Another week, another letter to conquer in this week’s Crypto Terminology: A to Z, where we will answer burning q-uestions on crypto terms starting with “Q”.
Traders have their preferred methods and strategies in optimizing their trades, based on different types of metrics available. A widely-used trading strategy is quantitative trading, which relies on numerical and back-tested data to guide a trader’s decisions, removing the possibility of having trading decisions muddled by emotions. In the crypto market, however, it is essential for traders to move outside of the quantitative, considering that fundamentals and external events, sometimes unforeseeable, can lead to short-term price gains or losses.
For example, on April 16, 2021, the price of memecoin DOGE saw a rally of more than 60% in 24 hours as a result of Tesla founder, Elon Musk, tweeting in support of it. Numbers remain an indispensable part of trading in the crypto market, but dynamic trading strategies are required to complement a dynamic market.
Quantum computing has been heralded as the next big thing. It makes use of the principles of superposition, entanglement and interference to solve even the most complex and difficult of mathematical equations, such as those seen in cryptography or blockchain. What does this mean for transactions on, let’s say, the Bitcoin network?
Theoretically, a large number of quantum computers would be able to solve for individual users’ private keys, allowing malicious actors to steal your bitcoins from right under your nose, amongst other possibilities. This threat against the security of current blockchains and cryptography is being considered carefully.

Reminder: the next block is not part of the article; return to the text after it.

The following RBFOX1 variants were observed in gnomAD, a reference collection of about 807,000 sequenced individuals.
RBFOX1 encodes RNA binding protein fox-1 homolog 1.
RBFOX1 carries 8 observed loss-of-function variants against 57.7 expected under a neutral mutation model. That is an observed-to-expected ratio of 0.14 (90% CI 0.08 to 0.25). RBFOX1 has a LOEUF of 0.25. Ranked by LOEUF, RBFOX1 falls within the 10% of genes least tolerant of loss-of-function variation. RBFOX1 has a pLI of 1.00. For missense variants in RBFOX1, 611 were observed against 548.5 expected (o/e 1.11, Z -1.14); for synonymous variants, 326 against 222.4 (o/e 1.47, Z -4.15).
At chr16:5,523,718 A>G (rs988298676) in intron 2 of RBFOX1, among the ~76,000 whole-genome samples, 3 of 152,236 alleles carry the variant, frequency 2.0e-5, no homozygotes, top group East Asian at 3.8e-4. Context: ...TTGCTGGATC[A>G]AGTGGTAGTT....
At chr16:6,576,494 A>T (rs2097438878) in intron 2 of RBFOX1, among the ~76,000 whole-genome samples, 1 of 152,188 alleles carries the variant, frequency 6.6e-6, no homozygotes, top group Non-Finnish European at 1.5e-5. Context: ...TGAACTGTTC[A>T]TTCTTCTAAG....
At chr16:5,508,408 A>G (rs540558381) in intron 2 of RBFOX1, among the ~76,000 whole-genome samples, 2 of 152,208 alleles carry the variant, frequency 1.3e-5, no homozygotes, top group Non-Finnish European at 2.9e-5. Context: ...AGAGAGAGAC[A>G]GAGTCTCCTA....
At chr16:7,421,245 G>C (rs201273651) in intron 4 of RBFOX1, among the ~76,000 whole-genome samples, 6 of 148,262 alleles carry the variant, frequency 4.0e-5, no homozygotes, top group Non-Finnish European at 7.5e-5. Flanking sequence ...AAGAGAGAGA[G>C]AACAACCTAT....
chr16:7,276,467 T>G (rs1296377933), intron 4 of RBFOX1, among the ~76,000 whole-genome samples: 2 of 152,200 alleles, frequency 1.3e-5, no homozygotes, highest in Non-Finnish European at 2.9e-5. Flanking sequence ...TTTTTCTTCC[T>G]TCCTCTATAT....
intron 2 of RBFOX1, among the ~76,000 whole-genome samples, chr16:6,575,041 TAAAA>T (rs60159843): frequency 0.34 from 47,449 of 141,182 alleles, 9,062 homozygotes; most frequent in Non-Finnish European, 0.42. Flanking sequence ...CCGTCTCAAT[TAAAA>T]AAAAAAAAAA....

Quantum computation is still in its infancy as of this moment, but experts predict that it could successfully materialize as early as in the next decade. But equally vulnerable for such exploits are the nuclear codes and the traditional banking and finance system, such as credit card information, along with everything that uses a password. Crypto experts largely agree that a better encryption method will surface ahead of quantum singularity — the time when quantum computers are able to crack the current state of the art of encryption.
In the field of blockchain technology, quorum biasing is a form of governance utilized by projects or organizations to ensure that voting decisions remain fair. It is derived from the concept that results from a voting session with a larger number of participants are much more reliable than a session that only has few participants. This ensures that the voting outcome is more representative of the interest of all stakeholders, rather than a select few.